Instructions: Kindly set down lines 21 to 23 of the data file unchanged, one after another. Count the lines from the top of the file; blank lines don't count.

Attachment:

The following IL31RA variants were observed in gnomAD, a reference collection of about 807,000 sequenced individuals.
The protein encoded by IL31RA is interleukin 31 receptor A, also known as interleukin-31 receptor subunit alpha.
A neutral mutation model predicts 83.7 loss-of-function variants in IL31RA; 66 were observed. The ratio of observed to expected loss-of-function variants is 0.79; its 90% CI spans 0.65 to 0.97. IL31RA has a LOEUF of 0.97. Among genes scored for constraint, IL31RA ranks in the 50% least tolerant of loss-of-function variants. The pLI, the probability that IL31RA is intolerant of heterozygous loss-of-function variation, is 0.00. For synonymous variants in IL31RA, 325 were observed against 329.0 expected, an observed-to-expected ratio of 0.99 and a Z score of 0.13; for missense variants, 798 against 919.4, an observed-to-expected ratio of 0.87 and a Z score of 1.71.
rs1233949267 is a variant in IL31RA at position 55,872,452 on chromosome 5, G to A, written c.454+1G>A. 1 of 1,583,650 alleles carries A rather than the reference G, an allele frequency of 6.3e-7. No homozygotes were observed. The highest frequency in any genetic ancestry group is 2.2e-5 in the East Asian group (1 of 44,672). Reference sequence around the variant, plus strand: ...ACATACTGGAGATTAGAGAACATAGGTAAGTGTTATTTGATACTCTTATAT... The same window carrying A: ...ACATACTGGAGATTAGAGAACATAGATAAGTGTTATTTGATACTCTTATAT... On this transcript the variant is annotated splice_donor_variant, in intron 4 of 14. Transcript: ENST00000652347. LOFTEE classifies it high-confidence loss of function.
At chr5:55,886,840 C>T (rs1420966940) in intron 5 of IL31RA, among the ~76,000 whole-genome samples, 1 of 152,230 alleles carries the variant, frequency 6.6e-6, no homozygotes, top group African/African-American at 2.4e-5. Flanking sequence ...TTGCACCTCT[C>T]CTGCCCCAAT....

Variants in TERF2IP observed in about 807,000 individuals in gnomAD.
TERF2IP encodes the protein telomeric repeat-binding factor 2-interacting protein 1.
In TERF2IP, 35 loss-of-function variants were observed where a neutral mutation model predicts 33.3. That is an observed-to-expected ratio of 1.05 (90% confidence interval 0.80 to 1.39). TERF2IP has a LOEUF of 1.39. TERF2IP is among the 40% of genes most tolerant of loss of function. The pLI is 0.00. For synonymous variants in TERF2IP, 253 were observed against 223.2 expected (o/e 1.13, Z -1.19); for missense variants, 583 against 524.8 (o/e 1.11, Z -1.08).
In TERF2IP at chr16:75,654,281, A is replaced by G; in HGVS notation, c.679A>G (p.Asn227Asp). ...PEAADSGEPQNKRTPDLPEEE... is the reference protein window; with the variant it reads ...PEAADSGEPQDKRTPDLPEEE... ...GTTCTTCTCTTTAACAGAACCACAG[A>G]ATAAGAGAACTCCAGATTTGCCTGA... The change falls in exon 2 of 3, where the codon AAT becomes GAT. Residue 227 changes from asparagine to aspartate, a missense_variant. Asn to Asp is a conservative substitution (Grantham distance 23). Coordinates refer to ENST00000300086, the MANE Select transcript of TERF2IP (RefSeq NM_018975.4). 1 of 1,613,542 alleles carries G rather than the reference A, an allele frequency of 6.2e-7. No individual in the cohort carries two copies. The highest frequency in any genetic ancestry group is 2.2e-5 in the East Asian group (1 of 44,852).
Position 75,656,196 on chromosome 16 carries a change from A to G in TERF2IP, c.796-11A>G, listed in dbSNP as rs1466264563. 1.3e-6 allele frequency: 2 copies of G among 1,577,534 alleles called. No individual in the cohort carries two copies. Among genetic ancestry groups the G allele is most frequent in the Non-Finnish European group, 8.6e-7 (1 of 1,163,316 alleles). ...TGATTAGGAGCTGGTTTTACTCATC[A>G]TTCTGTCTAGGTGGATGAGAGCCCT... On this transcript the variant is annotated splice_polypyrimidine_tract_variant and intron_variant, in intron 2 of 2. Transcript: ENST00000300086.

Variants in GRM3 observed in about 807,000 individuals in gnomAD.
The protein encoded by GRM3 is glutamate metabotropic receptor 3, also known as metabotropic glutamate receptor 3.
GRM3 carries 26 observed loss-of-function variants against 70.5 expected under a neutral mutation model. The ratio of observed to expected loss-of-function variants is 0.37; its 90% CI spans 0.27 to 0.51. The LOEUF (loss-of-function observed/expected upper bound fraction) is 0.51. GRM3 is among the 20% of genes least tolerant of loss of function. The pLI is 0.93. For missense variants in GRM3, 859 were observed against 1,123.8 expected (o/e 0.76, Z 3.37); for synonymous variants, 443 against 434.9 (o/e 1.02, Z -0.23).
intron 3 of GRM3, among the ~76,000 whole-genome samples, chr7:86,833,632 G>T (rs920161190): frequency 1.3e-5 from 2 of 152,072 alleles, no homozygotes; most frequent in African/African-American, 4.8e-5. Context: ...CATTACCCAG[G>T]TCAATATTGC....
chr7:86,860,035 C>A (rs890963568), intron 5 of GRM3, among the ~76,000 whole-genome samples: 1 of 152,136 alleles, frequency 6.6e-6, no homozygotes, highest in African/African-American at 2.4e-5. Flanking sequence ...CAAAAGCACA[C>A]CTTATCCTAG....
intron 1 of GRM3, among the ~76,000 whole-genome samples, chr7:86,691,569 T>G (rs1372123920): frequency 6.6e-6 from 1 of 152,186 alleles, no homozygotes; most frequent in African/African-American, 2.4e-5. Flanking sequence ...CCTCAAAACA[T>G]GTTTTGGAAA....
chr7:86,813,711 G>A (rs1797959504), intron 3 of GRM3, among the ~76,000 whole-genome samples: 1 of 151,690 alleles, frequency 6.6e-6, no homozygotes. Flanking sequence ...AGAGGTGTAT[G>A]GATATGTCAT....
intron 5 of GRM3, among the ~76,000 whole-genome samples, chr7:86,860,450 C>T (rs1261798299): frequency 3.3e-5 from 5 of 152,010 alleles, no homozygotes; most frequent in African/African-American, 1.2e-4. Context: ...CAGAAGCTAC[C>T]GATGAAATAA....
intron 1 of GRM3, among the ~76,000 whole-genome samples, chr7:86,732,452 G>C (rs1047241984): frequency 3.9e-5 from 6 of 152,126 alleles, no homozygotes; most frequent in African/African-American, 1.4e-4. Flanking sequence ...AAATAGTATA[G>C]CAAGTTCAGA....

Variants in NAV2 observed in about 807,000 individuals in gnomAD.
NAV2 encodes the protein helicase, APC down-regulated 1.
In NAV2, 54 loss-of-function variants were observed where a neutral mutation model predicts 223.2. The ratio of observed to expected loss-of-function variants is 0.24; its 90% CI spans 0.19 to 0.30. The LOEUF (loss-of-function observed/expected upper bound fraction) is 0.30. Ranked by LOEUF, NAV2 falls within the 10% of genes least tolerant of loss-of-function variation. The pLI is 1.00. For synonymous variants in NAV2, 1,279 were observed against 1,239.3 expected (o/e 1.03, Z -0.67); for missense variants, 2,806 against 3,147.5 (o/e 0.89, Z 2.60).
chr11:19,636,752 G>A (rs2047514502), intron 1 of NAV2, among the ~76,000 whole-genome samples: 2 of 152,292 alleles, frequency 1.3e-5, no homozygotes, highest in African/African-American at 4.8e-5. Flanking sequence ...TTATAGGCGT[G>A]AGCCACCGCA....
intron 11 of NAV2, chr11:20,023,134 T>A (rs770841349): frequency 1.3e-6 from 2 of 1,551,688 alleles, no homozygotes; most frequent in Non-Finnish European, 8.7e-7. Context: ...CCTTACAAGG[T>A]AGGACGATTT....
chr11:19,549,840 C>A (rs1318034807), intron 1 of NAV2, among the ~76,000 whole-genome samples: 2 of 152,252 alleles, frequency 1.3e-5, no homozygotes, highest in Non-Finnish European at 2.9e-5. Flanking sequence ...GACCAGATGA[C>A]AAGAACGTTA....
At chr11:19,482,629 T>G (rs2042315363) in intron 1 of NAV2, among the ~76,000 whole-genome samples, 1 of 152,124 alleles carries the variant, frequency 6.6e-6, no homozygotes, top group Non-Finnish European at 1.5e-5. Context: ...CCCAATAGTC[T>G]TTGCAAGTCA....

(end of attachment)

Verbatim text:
NAV2 encodes the protein helicase, APC down-regulated 1.
In NAV2, 54 loss-of-function variants were observed where a neutral mutation model predicts 223.2. The ratio of observed to expected loss-of-function variants is 0.24; its 90% CI spans 0.19 to 0.30. The LOEUF (loss-of-function observed/expected upper bound fraction) is 0.30. Ranked by LOEUF, NAV2 falls within the 10% of genes least tolerant of loss-of-function variation. The pLI is 1.00. For synonymous variants in NAV2, 1,279 were observed against 1,239.3 expected (o/e 1.03, Z -0.67); for missense variants, 2,806 against 3,147.5 (o/e 0.89, Z 2.60).
chr11:19,636,752 G>A (rs2047514502), intron 1 of NAV2, among the ~76,000 whole-genome samples: 2 of 152,292 alleles, frequency 1.3e-5, no homozygotes, highest in African/African-American at 4.8e-5. Flanking sequence ...TTATAGGCGT[G>A]AGCCACCGCA....